Moscow outlaws unofficial taxis

(Moscow) We wanted the headline to read “The passing of the impromptu cab” but in modern day search engine optimization that wouldn’t play so well.

A time honoured tradition will close at the end of this year as officials have declared that it will be illegal to stick out your thumb and catch a quick ride starting in January 2012. It’s a shame really as perhaps no other city in the world had perfected such an efficient system of citizen helping citizen to travel quickly from point A to point B.

Moscow evening traffic, summer 2011. (Photo: Mendeleyev Journal)

Here is how it worked: You needed to go somewhere but didn’t want to hike off to the underground Metro or catch a slow moving bus. It wasn’t even necessary to stick out a thumb really as just standing on the street looking as if you needed a ride usually worked. Before long a driver would pull over and ask where you were going. If he or she was going your way a price would be negotiated and off you’d go.

Citizen taxis to the rescue! It worked for you and gave the driver some extra cash for petrol.  Pocket change in most cases, but a service was rendered for both parties. It won’t be pocket change if caught after January as a driver caught taking money without a special taxi license will be fined from 1,000 rubles and up to a maximum of 10,000 rubles depending on the number of infractions and the location. Officials say that fines will be used to help improve Moscow roads. We’ll see.

Advocates of the new law point to Moscow’s excellent public transportation systems and argue that officials have safety in mind and one cannot argue the possible dangers when citizens trust strange drivers they’ve never met. Proponents say that licensed taxi drivers are better trained and vetted before grant of a license. Having ridden official taxi cars and knowing how most official licenses are obtained in this city, those claims are funny but not true. Besides, I’ve never met the licensed taxi driver before accepting a ride and most of them drive no better than the average citizen.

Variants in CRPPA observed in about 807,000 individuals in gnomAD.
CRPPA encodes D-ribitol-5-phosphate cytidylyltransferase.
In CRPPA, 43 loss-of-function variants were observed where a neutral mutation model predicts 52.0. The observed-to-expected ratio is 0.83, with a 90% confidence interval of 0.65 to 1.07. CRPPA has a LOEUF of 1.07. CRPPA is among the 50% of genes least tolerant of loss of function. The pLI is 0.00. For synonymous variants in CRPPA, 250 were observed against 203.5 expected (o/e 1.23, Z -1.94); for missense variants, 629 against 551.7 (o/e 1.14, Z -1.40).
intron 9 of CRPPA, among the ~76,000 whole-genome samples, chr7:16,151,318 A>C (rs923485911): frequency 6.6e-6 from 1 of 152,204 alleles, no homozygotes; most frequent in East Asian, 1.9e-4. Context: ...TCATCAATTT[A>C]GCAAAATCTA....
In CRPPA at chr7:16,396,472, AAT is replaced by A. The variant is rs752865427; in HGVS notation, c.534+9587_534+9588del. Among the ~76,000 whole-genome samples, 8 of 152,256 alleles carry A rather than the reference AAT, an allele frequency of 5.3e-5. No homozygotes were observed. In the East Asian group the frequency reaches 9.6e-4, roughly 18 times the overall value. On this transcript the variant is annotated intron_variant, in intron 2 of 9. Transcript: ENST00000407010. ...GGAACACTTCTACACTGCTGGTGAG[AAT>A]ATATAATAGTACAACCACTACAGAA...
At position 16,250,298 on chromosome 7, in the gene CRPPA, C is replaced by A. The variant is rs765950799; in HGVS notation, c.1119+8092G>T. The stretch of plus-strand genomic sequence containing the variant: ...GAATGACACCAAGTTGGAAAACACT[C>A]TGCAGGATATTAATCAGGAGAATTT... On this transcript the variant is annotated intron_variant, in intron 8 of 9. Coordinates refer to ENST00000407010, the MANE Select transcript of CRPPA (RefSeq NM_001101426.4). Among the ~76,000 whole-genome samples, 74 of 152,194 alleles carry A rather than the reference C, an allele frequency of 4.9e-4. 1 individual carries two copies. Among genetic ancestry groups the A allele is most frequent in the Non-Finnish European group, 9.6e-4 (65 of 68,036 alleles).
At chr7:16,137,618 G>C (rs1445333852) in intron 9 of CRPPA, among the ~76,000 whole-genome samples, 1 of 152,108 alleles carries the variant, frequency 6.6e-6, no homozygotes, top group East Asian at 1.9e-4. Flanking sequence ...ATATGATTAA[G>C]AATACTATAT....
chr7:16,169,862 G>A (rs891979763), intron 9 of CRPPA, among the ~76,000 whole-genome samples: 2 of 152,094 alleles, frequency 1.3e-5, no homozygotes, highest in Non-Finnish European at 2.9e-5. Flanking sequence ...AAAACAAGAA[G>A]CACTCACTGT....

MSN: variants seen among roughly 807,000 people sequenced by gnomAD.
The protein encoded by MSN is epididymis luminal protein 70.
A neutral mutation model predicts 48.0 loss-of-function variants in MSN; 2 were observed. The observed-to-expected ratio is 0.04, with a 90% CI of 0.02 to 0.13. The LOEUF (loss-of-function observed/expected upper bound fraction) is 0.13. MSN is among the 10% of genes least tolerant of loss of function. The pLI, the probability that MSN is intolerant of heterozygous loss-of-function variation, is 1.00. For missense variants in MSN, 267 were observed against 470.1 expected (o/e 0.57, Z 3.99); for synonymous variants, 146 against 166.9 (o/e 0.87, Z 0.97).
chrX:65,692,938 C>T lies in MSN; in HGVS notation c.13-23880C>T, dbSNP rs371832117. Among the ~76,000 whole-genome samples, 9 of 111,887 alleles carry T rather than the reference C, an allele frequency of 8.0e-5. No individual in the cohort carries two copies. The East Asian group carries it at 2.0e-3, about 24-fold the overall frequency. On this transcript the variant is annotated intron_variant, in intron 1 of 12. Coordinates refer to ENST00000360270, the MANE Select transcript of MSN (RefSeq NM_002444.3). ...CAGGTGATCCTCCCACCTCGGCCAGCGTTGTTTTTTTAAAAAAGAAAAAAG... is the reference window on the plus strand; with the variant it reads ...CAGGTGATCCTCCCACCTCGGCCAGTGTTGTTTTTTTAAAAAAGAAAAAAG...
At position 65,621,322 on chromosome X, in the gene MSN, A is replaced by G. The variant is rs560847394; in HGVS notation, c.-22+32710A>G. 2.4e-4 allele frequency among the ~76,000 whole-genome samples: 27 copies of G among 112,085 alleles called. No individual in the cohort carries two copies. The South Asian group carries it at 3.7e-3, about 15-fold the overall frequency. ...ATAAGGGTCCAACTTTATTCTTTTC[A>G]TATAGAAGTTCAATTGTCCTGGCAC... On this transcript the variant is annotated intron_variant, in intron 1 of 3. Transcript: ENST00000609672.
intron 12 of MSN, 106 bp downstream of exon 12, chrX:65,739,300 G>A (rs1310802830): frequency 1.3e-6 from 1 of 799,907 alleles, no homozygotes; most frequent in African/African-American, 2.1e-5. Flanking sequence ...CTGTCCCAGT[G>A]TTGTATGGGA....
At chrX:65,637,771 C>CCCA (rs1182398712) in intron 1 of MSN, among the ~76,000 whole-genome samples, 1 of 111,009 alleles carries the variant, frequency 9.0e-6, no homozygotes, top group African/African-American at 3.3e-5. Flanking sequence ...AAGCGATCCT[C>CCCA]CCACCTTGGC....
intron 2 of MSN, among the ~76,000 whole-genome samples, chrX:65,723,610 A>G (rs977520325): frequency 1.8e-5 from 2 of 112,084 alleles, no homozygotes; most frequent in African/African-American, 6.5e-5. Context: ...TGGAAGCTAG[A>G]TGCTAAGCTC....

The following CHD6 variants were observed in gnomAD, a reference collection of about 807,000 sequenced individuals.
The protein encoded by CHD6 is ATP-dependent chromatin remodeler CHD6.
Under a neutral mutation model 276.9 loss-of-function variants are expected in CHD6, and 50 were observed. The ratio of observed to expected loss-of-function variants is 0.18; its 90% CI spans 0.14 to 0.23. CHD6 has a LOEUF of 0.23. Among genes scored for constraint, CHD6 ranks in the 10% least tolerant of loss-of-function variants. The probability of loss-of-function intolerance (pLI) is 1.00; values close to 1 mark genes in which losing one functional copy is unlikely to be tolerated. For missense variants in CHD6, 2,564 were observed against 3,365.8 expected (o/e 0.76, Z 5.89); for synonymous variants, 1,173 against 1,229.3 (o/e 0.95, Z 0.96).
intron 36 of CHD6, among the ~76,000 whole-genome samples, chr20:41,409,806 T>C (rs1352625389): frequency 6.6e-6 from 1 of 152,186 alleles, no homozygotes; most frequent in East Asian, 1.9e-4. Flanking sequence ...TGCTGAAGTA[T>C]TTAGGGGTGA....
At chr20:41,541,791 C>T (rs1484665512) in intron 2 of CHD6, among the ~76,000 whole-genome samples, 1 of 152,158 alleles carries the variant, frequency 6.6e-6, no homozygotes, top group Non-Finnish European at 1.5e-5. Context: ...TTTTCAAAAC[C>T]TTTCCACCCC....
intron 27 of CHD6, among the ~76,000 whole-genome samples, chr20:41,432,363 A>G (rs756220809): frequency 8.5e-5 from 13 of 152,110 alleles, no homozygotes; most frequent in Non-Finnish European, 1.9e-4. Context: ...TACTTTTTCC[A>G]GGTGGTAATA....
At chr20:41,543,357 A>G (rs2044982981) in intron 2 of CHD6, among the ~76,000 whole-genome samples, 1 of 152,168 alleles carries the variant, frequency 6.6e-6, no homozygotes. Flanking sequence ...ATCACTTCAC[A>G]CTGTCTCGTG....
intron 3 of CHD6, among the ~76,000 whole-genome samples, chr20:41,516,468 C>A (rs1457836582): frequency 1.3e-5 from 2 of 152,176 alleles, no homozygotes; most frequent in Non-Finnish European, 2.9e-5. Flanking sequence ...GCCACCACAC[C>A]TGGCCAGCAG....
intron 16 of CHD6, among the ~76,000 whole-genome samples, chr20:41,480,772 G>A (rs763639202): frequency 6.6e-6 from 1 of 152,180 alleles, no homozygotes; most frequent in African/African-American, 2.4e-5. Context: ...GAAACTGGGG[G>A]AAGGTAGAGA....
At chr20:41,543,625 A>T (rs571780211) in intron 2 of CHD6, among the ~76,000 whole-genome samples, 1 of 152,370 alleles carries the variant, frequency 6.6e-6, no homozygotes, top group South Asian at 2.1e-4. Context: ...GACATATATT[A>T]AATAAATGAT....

Opponents say that this will drive up the prices of the city’s licensed taxi services. Have you ever tried to find or call an official taxi in Moscow? Good luck, the wait can be for hours and there is no guarantee that a taxi will arrive at all. At least the impromptu citizen taxi system was fast and goodness knows there is an endless supply of almost empty Ladas on the streets every day.

Perhaps the coming Olympics and profits of official taxi companies are in reality what officials had in mind. Just as small neighborhood markets and street kiosks are being swept away, the winners are big business owners with Kremlin and City Hall connections. The consumer is left stranded while regulation and control of the simple life marches on to the tune of modernization.

Muscovites often ignore new laws (they happily ignore some of the old laws too) so it will take time in making the adjustment to life without private/citizen taxi services.

No matter how you look at it, this marks the end of an era.